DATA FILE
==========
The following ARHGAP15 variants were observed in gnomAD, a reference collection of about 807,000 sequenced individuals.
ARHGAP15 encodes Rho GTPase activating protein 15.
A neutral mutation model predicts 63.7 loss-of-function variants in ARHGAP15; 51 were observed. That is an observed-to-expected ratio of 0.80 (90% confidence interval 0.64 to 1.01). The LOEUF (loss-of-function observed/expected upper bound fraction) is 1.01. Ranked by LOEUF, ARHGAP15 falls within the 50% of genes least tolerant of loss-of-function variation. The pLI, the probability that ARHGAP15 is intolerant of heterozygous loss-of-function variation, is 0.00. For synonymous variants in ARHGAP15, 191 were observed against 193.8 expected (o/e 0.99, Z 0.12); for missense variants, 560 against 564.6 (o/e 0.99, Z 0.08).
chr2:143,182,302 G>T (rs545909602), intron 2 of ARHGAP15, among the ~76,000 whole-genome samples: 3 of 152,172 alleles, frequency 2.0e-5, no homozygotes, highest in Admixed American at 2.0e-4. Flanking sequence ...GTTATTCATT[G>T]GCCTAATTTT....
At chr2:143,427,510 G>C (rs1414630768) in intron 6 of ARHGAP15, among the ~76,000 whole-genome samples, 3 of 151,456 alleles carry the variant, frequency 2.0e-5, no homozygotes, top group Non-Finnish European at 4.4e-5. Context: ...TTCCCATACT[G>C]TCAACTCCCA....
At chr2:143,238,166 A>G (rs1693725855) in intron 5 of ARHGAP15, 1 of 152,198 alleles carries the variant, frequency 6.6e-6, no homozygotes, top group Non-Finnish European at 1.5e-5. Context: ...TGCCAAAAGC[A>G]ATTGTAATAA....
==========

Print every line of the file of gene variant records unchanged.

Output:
The following ARHGAP15 variants were observed in gnomAD, a reference collection of about 807,000 sequenced individuals.
ARHGAP15 encodes Rho GTPase activating protein 15.
A neutral mutation model predicts 63.7 loss-of-function variants in ARHGAP15; 51 were observed. That is an observed-to-expected ratio of 0.80 (90% confidence interval 0.64 to 1.01). The LOEUF (loss-of-function observed/expected upper bound fraction) is 1.01. Ranked by LOEUF, ARHGAP15 falls within the 50% of genes least tolerant of loss-of-function variation. The pLI, the probability that ARHGAP15 is intolerant of heterozygous loss-of-function variation, is 0.00. For synonymous variants in ARHGAP15, 191 were observed against 193.8 expected (o/e 0.99, Z 0.12); for missense variants, 560 against 564.6 (o/e 0.99, Z 0.08).
chr2:143,182,302 G>T (rs545909602), intron 2 of ARHGAP15, among the ~76,000 whole-genome samples: 3 of 152,172 alleles, frequency 2.0e-5, no homozygotes, highest in Admixed American at 2.0e-4. Flanking sequence ...GTTATTCATT[G>T]GCCTAATTTT....
At chr2:143,427,510 G>C (rs1414630768) in intron 6 of ARHGAP15, among the ~76,000 whole-genome samples, 3 of 151,456 alleles carry the variant, frequency 2.0e-5, no homozygotes, top group Non-Finnish European at 4.4e-5. Context: ...TTCCCATACT[G>C]TCAACTCCCA....
At chr2:143,238,166 A>G (rs1693725855) in intron 5 of ARHGAP15, 1 of 152,198 alleles carries the variant, frequency 6.6e-6, no homozygotes, top group Non-Finnish European at 1.5e-5. Context: ...TGCCAAAAGC[A>G]ATTGTAATAA....